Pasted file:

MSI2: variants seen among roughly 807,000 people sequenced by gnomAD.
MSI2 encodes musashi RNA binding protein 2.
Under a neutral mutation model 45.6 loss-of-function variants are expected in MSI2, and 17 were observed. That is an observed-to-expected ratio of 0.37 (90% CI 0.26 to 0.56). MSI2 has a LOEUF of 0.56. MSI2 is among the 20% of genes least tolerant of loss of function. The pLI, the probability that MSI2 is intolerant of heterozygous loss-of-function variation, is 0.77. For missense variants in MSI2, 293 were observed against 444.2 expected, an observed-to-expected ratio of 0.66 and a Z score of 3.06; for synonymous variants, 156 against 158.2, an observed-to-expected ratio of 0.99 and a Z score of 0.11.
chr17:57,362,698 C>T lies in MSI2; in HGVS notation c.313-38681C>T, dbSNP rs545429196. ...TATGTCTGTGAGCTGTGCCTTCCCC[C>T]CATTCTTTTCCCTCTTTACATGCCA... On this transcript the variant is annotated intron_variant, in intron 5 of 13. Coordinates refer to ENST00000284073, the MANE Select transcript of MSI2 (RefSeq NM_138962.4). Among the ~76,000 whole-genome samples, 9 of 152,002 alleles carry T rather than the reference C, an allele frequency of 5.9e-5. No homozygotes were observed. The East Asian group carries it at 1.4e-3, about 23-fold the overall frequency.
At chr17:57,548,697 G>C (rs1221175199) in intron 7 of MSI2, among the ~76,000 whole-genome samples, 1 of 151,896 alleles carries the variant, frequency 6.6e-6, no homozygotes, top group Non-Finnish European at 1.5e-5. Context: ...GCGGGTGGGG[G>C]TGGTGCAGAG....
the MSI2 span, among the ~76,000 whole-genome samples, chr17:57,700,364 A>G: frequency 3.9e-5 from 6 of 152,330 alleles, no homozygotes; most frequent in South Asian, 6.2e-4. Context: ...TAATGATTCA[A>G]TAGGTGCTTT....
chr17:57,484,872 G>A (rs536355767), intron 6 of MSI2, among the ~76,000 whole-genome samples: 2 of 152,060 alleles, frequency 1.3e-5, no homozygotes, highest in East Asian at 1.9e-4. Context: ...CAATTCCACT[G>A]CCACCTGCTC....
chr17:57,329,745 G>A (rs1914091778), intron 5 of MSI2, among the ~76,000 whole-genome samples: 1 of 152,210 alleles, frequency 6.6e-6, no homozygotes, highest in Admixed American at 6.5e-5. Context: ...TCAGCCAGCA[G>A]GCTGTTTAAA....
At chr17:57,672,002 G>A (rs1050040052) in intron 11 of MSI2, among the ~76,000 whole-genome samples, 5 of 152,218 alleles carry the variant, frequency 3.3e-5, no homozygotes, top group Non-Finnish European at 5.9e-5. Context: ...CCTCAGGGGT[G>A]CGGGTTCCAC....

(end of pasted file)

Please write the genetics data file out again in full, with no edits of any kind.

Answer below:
MSI2: variants seen among roughly 807,000 people sequenced by gnomAD.
MSI2 encodes musashi RNA binding protein 2.
Under a neutral mutation model 45.6 loss-of-function variants are expected in MSI2, and 17 were observed. That is an observed-to-expected ratio of 0.37 (90% CI 0.26 to 0.56). MSI2 has a LOEUF of 0.56. MSI2 is among the 20% of genes least tolerant of loss of function. The pLI, the probability that MSI2 is intolerant of heterozygous loss-of-function variation, is 0.77. For missense variants in MSI2, 293 were observed against 444.2 expected, an observed-to-expected ratio of 0.66 and a Z score of 3.06; for synonymous variants, 156 against 158.2, an observed-to-expected ratio of 0.99 and a Z score of 0.11.
chr17:57,362,698 C>T lies in MSI2; in HGVS notation c.313-38681C>T, dbSNP rs545429196. ...TATGTCTGTGAGCTGTGCCTTCCCC[C>T]CATTCTTTTCCCTCTTTACATGCCA... On this transcript the variant is annotated intron_variant, in intron 5 of 13. Coordinates refer to ENST00000284073, the MANE Select transcript of MSI2 (RefSeq NM_138962.4). Among the ~76,000 whole-genome samples, 9 of 152,002 alleles carry T rather than the reference C, an allele frequency of 5.9e-5. No homozygotes were observed. The East Asian group carries it at 1.4e-3, about 23-fold the overall frequency.
At chr17:57,548,697 G>C (rs1221175199) in intron 7 of MSI2, among the ~76,000 whole-genome samples, 1 of 151,896 alleles carries the variant, frequency 6.6e-6, no homozygotes, top group Non-Finnish European at 1.5e-5. Context: ...GCGGGTGGGG[G>C]TGGTGCAGAG....
the MSI2 span, among the ~76,000 whole-genome samples, chr17:57,700,364 A>G: frequency 3.9e-5 from 6 of 152,330 alleles, no homozygotes; most frequent in South Asian, 6.2e-4. Context: ...TAATGATTCA[A>G]TAGGTGCTTT....
chr17:57,484,872 G>A (rs536355767), intron 6 of MSI2, among the ~76,000 whole-genome samples: 2 of 152,060 alleles, frequency 1.3e-5, no homozygotes, highest in East Asian at 1.9e-4. Context: ...CAATTCCACT[G>A]CCACCTGCTC....
chr17:57,329,745 G>A (rs1914091778), intron 5 of MSI2, among the ~76,000 whole-genome samples: 1 of 152,210 alleles, frequency 6.6e-6, no homozygotes, highest in Admixed American at 6.5e-5. Context: ...TCAGCCAGCA[G>A]GCTGTTTAAA....
At chr17:57,672,002 G>A (rs1050040052) in intron 11 of MSI2, among the ~76,000 whole-genome samples, 5 of 152,218 alleles carry the variant, frequency 3.3e-5, no homozygotes, top group Non-Finnish European at 5.9e-5. Context: ...CCTCAGGGGT[G>A]CGGGTTCCAC....